Libertarians for Child Rape

Well not really, but it is things like this that at times make me embarassed to call myself a libertarian. The post was prompted by a news story about a woman who killed a social worker that was bringing the woman’s daughter over for a supervised visit.

HENDERSON, Ky. – A nine-month-old boy, his mother and her boyfriend were still missing Wednesday, two days after a social worker was found dead in the mother’s home, and police were taking calls of possible sightings across the Midwest.

Boni Frederick, 67, had taken the boy, who has been in foster care, to his mother’s house for a visit Monday. Police found her body after she failed to return to work, and she appeared to have been beaten to death. Her car also was missing

[snip]

Terrell has a history of abuse charges against children, including charges of assault and endangering the welfare of a minor, police said. The child had been taken from his mother when he was 13 days old because of neglect.

So Sean Lynch responds with this,

I’m not really sure if any level of State ability to take children away from parents is worth it. As soon as you allow the State to decide whether a parent is suited to care for a child, you’ve opened a huge loophole for the majority to oppress minorities, for example by forcing parents to expose their children to State-approved brainwashing learning in the government indoctrination centersschools.

So we are to leave a child with a parent that say is raping that child simply because Sean Lynch is afraid that this could start us down a slippery slope to where children are being indoctrinated in government approved brainwashing centers. Have I got that right?

While I can imagine cases where a child might be better off even with bad State care, my gut feeling is that a child who becomes a ward of the State is more likely to be worse off than better off than if they stayed in their parents. Perhaps a better solution would be to deal with the kinds of problems parents might run into better, for example by legalizing drugs so that parents can deal with their own problems openly without fear of prosecution rather than going to jail. Easier emancipation as suggested by DDF would also help, though obviously not with an infant as in this case.

Okay, I’m open to the argument that things like legalizing drugs might make child abuse issues easier to deal with and less common. However, parents have also done despicable things to their children up to and including killing them. Surely, if we could have known ahead of time the danger that Andrea Yates posed to her children Sean Lynch wouldn’t be out there arguing that they should be left in her care.

Sometimes there are those libertarians that take their arguments so far that they become a complete caricature of the libertarian message. I don’t doubt that Sean Lynch does not condone child rape and would do what he could to protect a child in such a situation, but to write a post like the one linked above is just amazing.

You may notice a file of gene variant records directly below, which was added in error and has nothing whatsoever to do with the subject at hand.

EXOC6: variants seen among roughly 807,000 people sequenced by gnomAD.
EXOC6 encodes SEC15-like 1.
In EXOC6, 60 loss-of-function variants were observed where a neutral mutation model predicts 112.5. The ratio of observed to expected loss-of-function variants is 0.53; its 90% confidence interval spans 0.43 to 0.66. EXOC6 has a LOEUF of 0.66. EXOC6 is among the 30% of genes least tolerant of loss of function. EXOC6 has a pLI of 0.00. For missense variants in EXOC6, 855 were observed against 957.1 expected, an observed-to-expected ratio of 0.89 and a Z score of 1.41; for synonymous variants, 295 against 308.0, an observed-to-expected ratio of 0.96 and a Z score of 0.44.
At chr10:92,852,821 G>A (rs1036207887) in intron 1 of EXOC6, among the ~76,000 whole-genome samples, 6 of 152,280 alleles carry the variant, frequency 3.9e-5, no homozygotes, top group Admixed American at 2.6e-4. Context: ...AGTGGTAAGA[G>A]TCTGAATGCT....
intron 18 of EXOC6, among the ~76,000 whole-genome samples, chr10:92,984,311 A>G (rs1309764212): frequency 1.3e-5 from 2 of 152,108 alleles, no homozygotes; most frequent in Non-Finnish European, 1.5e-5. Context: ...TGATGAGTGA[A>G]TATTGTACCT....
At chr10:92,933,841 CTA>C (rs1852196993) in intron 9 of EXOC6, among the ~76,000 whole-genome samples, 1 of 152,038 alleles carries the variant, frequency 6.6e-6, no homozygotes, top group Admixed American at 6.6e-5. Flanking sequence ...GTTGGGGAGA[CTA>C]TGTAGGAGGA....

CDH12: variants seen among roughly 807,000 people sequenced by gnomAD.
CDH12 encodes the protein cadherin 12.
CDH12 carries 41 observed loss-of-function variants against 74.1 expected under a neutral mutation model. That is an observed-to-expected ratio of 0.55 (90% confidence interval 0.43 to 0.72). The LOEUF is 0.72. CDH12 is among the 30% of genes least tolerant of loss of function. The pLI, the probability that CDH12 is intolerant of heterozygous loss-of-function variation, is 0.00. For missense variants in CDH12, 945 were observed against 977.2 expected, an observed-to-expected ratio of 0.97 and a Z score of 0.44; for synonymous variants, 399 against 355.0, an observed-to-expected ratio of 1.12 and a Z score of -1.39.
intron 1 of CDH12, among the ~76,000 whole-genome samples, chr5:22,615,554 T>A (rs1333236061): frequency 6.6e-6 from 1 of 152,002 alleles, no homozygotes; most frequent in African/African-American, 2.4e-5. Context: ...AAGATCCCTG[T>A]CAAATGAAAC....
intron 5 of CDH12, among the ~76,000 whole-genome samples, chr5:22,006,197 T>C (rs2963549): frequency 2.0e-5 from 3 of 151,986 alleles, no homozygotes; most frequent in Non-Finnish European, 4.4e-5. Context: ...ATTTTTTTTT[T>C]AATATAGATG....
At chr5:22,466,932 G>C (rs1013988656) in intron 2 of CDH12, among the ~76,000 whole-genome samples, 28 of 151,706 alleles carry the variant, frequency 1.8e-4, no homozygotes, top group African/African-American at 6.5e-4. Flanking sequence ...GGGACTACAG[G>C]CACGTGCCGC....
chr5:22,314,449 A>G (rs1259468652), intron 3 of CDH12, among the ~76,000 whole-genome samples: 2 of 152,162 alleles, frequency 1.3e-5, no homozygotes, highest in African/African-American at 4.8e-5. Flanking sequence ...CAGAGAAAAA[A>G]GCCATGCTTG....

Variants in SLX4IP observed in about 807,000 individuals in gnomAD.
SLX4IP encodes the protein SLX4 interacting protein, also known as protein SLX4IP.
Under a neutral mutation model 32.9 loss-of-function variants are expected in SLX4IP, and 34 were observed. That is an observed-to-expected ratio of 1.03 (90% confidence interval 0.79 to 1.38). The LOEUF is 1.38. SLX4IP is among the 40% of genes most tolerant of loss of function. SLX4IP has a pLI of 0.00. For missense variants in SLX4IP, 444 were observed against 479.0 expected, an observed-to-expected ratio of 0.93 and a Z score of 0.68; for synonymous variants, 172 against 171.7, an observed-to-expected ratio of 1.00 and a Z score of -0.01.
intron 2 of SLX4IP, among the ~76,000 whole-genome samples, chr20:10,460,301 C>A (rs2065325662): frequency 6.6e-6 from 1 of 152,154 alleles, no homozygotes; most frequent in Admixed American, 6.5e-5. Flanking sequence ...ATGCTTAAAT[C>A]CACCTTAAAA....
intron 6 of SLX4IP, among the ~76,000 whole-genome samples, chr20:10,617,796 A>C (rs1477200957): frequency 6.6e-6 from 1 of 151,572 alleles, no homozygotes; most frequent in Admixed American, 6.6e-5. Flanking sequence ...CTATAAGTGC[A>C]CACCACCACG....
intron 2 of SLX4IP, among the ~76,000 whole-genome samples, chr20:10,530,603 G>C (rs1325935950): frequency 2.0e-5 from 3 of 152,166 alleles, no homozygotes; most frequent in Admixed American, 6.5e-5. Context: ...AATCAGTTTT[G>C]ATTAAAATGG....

Caveat: I don’t think that all libertarians hold views similar to the one’s expressed by Sean Lynch, but it does seem that some want to take libertarian arguments to extremes at times. Another example of this is the view that there are no such things as public goods, external costs or benefits, or that monopolies even exist (eg, the writtings of Hans Herman-Hoppe).

FILED UNDER: Politics 101, US Politics, ,
Steve Verdon
About Steve Verdon
Steve has a B.A. in Economics from the University of California, Los Angeles and attended graduate school at The George Washington University, leaving school shortly before staring work on his dissertation when his first child was born. He works in the energy industry and prior to that worked at the Bureau of Labor Statistics in the Division of Price Index and Number Research. He joined the staff at OTB in November 2004.

Comments

  1. madmatt says:

    what kind of moron is this guy…infants aren’t being brainwashed, they are being sent to foster homes and raised in society like everybody else…now admittedly reality has a liberal bias…but thats not the fault of the system…thats reality.

  2. just me says:

    Well I admit I am not a libertarian-although I have some libertarian leanings on some issues, but it is positions like this that make libertarians look like they are missing a common sense gene somewhere.

    That said I think the state has a duty to make sure children are safe from their parents. Kids are not property, they are people, and they shouldn’t be subjected to abuse/serious neglect because we don’t want the state to have too much power. There is of course a fine line between legitimate meddling and going to far, but in general, children should have at least some right to basic protections. We wouldn’t let another adult physically assault or sexually assault another adult, we shouldn’t permit it for children either.

  3. Anderson says:

    Nanny state! Baaa!

  4. Prometheuss says: